Flat product prices in the US moved largely in line with our expectations in October, posting impressive gains across the product range, and slightly exceeding our forecasts for coil products.

Domestic hot-rolled coil prices averaged $722 per tonne in October, exceeding our forecast of $705 per tonne forecast price.

Although we originally forecast a modest downward correction for November, based on expected declines in scrap prices and a slowdown in buying activity while buyers replenished inventories over September/October, we now see upward pricing momentum continuing through the remainder of the fourth quarter of 2020 and into the first quarter of 2021.

Scrap prices are poised to move sideways to higher in November, while mill lead times continue to extend and both the start of new capacity and restarts of existing capacity are delayed.

Demand from steel-consuming manufacturers remains buoyant, with key manufacturing economic indicators continuing to indicate expansion. The key risk to this forecast, however, is uncertainty with regard to the outcome of the US election and the future development of the pandemic.

European HRC prices rose as we expected in October; restricted supply remains one of the main factors supporting the price uptrend. Delivery times from all main producers in the north of the region stretched into next year, in some cases as far as March.

With limited import opportunities, we expect that tight market conditions will continue to boost domestic prices while demand form end-users and distributors remains strong.

In October, European plate prices slipped below HRC, something that has not been seen since 2009. A reported lack of contract orders pushed more material into the spot market, with producers forced to accept lower prices.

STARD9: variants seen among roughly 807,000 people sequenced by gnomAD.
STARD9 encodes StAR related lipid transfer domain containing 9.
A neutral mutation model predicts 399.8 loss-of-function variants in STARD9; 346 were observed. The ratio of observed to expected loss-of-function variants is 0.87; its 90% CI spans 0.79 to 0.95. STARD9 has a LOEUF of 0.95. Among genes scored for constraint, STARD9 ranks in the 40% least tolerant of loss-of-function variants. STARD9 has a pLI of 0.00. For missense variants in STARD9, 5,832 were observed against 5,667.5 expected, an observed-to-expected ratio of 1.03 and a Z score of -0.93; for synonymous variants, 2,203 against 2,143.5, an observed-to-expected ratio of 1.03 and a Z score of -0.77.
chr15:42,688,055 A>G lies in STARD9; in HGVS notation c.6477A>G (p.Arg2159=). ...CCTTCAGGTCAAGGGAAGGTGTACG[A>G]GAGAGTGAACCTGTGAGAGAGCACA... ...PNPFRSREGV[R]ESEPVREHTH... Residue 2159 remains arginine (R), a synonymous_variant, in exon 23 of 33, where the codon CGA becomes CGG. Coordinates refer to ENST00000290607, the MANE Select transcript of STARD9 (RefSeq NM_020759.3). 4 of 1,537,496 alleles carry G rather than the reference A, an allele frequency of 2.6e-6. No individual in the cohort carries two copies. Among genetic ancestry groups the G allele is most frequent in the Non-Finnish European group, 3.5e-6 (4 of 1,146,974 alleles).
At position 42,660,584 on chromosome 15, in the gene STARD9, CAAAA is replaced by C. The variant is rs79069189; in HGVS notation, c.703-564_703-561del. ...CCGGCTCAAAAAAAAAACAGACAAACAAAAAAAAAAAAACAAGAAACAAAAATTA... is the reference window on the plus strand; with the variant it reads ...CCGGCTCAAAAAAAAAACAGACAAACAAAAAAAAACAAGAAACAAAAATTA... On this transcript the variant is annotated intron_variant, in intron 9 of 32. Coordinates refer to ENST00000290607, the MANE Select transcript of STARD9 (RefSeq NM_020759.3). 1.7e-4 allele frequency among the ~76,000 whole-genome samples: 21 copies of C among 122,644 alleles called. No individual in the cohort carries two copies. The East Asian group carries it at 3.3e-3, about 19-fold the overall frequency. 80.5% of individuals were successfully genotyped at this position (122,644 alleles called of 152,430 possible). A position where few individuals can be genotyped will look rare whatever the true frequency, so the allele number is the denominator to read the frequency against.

Although a maintenance closure at one producer in Germany should help to tighten the market and push prices higher, we do not expect plate will return to being priced at a premium to HRC in the near months.

Chinese export and Eastern China HRC prices outperformed our expectations - they ticked down only by $1 or 3 yuan from the September level, averaging  $513 and 3,712 yuan ($585) per tonne respectively.

At the same time, CRC prices moved up, leading to the highest price premiums since early 2019, with CRC priced above HRC by $90 in the export market and by 864 yuan ($128) in the domestic market.

Supported by strong demand from automotive and white goods manufacturers, we expect that CRC mills in China will be able to maintain strong premiums, prompting us to raise our CRC price forecasts for the coming months.

Turkish export rebar prices declined in October, averaging $450 per tonne against our forecast of $445 per tonne. Stronger demand in some markets in Asia and America helped Turkish steel producers to push through higher offers at the end of October; we expect to see further price increases in the coming months.

Healthy demand in the home market reduced availability of material for export, leading to upward revisions of our forecasts for the fourth quarter of 2020 and into the first quarter of 2021.

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